Theologian Kendall Soulen points out that because Christianity is concerned with the God of the Hebrew Bible and because Jesus was a faithful Jew, ‘the question has never been whether Christians should speak and act with reference to the Jewish people. Rather the question has been how they should do so, and how what they would say and do would affect the existence of the Jewish people.’1
A Rabbi friend when first confronted with the passage in John’s Gospel, ‘the doors of the house where the disciples had met were locked for fear of the Jews,’2 reflected ‘How ironic, as for most of the last 2,000 years it has been Jews who have been hiding behind locked doors for fear of Christians’. The truth of Christian – Jewish relations for much of the church’s life has been a story of oppression and violence inflicted by Christians upon Jews. This violence was located within the very self -understanding of Christians in relation to their Jewish neighbours. It was built upon a theology of supersessionism that saw Christianity as having displaced the Jewish people in their covenant with God. This interpretation of Christianity is still widely preached in our churches.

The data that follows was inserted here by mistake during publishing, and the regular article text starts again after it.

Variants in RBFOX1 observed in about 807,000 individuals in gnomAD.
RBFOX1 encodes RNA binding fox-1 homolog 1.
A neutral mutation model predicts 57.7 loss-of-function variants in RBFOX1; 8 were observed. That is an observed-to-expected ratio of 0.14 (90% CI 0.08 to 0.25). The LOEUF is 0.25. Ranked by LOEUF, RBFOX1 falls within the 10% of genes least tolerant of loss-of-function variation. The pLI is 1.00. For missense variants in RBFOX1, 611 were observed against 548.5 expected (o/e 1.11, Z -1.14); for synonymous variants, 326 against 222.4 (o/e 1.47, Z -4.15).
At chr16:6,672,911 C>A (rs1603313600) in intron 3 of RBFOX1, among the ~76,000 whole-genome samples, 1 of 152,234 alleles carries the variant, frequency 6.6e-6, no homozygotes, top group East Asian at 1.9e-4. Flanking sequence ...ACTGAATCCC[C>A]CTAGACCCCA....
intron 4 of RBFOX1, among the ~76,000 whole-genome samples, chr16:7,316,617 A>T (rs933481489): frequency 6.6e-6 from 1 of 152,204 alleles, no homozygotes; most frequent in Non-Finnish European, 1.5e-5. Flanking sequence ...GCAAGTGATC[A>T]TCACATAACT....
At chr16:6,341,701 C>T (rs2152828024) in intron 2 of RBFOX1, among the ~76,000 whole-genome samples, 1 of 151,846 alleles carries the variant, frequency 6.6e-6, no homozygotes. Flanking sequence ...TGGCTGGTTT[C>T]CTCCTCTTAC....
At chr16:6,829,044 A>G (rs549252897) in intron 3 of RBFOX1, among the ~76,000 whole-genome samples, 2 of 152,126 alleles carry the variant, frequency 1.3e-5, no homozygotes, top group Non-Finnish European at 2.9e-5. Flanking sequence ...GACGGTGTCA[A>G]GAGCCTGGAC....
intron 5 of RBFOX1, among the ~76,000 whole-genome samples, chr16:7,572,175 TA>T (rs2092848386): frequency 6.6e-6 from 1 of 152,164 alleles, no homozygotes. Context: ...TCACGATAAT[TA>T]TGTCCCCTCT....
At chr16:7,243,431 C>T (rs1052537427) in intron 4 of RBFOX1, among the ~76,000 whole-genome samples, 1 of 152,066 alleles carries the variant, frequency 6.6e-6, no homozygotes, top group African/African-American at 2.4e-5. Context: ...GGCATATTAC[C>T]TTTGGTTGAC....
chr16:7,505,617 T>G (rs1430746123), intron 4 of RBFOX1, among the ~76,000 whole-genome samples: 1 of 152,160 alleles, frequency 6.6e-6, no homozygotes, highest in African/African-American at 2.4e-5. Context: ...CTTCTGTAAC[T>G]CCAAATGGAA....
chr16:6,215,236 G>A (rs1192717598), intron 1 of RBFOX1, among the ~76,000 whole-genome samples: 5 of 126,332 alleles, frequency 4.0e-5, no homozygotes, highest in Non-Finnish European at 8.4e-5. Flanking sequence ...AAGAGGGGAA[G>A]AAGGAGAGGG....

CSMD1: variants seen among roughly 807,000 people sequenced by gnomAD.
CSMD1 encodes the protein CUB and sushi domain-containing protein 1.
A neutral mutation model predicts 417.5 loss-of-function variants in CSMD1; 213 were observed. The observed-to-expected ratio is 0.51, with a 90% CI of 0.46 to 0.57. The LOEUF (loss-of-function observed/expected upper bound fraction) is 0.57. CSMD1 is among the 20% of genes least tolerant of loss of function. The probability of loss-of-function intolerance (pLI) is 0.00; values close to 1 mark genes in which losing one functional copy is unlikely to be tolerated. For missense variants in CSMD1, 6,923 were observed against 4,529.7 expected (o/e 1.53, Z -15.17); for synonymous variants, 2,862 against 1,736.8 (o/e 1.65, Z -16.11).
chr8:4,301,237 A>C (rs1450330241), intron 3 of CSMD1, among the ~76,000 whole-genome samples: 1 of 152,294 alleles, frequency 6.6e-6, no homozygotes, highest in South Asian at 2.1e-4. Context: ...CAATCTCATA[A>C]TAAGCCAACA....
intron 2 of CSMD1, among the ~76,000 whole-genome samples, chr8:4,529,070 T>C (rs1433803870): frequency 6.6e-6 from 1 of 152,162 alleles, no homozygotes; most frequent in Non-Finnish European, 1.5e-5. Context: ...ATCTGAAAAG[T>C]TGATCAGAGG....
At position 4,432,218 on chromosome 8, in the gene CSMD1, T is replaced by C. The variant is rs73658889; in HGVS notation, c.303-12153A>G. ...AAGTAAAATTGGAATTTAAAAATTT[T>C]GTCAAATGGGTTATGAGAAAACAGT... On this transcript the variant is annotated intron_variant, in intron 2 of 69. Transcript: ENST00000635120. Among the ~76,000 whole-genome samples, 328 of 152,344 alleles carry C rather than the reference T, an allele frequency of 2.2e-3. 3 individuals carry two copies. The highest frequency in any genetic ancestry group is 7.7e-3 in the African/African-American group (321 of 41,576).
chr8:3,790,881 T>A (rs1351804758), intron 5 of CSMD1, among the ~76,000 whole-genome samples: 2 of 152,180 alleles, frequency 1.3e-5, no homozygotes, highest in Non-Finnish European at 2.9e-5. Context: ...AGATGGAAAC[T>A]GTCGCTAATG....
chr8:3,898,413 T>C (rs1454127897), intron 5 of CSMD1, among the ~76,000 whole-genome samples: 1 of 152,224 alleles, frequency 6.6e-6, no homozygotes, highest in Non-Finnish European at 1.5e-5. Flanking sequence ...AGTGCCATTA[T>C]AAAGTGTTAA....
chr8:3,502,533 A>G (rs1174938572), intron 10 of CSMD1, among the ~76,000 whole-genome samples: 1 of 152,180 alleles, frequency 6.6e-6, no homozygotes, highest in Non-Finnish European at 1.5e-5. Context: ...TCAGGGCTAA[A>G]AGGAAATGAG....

Soulen outlines three types of supersessionism that have dominated the church’s theology – punitive, economic and structural.3 The first argues that the Jewish people rejected Jesus and are therefore being punished for this rejection, God has abrogated the covenant made with the Jewish people and has replaced Israel with the ‘New Israel’ of the Church, the Jews became a wandering people who in their homelessness witnessed to the consequences of disobedience to God. In the second version sometimes aligned to the first but not always, Israel is merely the preparation for the coming of Christ. Israel’s relationship with God based on ‘worldly’ limitations such as a specific people, land and way of life is replaced by a ‘superior’ more ‘universal and spiritual’ salvation brought in Christ. Finally, structural supersessionism is perhaps the most deeply ingrained in the Christian consciousness – it is the way we often read the biblical story in prayers, liturgy, lectionaries and preaching. Soulen calls it the Standard Canonical Narrative – a story in four movements -The creation, the fall, Christ’s redemption and the future consummation. All other characters and events of the diverse and complex biblical narrative are co-opted (or ignored) to fit this overarching narrative.